Assets = Liabilities 156,312 174,886 198,250 211,162 236,664 261,118 302,019 329,562 351,626 382,338 428,360
Capital 5,484 5,627 5,909 7,096 7,680 8,358 9,137 10,566 11,373 11,763 12,038
Reserves 1,971 2,313 2,657 2,903 3,219 3,607 4,435 7,132 8,132 9,227 10,158
Provisions 6,859 8,722 11,300 13,117 15,799 17,910 20,744 23,392 25,984 27,555 31,200
Long-Term Loans and Bonds 1,377 1,716 1,782 2,139 2,252 3,329 4,807 1,354 9,148 10,579 11,922
Obligations to Banks in Egypt 21,022 19,011 24,167 24,768 27,304 28,075 29,156 29,744 21,413 24,211 28,158
Obligations to Banks Abroad 9,936 8,166 4,582 3,088 2,268 2,793 6,814 11,121 11,307 9,970 11,485
Total Deposits 93,078 110,171 129,374 139,205 158,535 174,858 200,574 216,468 237,342 280,430 291,225
Other Liabilities 16,585 19,140 18,479 18,846 21,607 22,188 26,352 23,787 26,927 28,605 32,178
Source: Central Bank of Egypt (Various issues)
Details of Joint Venture Bank Privatization Offers (1996 - 1999)
The table shows the privatization transactions of the privatized joint venture banks from 1996-1999. For each bank, we provide the
date of privatization, the offer size, the number of shares listed, the market capitalization, and the market value of the total assets,
Offer Size Number of Market
Date of Total Assets
Banks No. of Shares Shares Listed Capitalizatio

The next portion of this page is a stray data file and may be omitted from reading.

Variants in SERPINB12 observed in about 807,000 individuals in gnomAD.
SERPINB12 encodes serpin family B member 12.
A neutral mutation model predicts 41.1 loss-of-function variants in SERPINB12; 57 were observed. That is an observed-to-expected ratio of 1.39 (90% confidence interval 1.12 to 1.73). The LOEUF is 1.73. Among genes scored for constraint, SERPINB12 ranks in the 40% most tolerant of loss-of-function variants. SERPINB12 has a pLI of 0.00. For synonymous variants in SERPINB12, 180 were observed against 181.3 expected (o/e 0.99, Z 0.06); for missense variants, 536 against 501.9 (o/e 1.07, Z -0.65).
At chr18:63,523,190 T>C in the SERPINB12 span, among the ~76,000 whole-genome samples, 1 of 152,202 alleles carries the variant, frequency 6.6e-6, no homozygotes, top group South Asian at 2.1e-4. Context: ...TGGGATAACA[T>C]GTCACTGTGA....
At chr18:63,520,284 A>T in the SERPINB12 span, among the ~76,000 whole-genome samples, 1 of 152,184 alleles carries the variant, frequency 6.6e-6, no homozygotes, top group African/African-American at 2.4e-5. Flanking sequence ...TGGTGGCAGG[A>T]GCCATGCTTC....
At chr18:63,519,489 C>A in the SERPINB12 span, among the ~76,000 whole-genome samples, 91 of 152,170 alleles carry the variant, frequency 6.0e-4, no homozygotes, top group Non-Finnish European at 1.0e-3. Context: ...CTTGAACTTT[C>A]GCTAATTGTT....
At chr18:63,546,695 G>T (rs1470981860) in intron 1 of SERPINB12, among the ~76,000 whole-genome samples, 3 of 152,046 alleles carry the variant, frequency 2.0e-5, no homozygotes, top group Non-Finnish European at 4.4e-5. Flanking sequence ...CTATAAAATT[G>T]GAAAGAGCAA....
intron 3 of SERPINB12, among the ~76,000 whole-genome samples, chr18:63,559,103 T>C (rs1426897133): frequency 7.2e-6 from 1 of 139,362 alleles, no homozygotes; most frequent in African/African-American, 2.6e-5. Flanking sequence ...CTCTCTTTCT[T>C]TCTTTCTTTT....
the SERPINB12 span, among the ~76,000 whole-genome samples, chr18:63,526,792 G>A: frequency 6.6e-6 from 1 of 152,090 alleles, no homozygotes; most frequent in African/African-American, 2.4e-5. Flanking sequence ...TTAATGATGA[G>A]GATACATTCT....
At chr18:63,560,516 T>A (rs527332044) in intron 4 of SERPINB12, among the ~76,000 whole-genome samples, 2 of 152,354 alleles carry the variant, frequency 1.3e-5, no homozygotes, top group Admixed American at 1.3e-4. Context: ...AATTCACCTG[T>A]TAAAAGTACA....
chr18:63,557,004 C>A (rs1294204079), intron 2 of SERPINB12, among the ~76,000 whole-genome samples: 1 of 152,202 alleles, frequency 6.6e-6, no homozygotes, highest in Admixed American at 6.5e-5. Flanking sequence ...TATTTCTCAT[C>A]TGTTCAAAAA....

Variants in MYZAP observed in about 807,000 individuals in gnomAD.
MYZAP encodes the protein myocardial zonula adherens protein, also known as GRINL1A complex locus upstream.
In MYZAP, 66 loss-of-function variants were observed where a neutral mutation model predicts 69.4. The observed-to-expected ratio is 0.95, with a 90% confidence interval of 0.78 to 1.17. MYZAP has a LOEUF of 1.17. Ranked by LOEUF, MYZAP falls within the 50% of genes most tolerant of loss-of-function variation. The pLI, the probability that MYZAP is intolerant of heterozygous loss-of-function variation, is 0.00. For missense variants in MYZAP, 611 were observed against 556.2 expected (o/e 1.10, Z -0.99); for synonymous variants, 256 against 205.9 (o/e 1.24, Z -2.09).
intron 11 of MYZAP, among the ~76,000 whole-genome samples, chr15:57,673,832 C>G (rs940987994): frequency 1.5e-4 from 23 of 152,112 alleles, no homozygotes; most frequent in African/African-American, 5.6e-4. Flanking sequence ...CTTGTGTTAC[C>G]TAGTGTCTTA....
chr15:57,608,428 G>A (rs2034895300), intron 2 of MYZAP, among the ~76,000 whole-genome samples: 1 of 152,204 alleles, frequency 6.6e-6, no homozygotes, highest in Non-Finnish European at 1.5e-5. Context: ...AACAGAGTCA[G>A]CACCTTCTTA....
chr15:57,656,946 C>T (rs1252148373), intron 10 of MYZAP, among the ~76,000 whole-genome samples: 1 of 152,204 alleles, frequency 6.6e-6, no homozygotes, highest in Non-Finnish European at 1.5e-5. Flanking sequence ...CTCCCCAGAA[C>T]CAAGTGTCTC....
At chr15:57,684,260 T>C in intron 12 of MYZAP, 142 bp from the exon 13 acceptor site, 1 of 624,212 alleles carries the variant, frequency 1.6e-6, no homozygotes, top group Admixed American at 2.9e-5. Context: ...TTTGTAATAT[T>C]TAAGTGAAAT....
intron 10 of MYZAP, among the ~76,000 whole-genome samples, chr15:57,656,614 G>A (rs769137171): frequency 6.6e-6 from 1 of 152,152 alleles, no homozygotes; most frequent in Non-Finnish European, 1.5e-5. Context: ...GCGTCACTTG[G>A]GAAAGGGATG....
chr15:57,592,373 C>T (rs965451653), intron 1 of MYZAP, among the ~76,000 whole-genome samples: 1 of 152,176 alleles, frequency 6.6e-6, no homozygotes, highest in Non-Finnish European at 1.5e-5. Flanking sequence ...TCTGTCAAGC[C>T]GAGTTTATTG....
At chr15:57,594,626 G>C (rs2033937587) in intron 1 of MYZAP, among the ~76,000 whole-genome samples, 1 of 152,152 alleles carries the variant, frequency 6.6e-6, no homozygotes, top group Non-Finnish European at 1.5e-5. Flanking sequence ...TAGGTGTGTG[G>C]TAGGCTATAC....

Privatization As % ($000's)
(000's) (000's) n ($ 000's)
Alexandria Comm.& Mar. Bank 1997 27% 300 1,125 64,714 1,093,587
Bank du Caire et de Paris 1997 27% 7 26 68,451 1,173,412
Cairo Barclays Bank 1999 11% 55 500 206,490 2,890,335
Commercial International Bank 1998 25% 16,250 65,000 733,791 13,277,290
Credit Internationale d'Egypte 1996 11.5% 82,445 717,000 76,109 920,558
Egyptian American Bank* 1997 20% 2,400 12,000 460,177 5,307,541
Egyptian Commercial Bank 1999 10% 963 9,626 114,092 1,945,184
Export Development Bank* 1996 24% 600 2,500 300,147 2,500,475
Misr Exterior Bank 1997 39% 2,847 7,300 324,012 5,422,964
Misr International Bank 1997 20% 4,500 22,500 667,965 8,979,760
Misr Romania Bank 1998 18% 900 5,000 n.a. 1,563,443
National Bank for Development 1998 26% 5,200 20,000 48,600 6,205,061
Nationale Societe Generale 1997 10.5% 1,050 10,000 133,038 3,079,483
Suez Canal Bank* 1997 34% 3,400 10,000 235,841 7,370,071
*The reduction in state ownership was achieved via increases in capitalization by the private sector.
Ownership Structure of Privatized Banks
The table provides detailed information regarding the ownership structure of privatized banks. For each bank, we provide the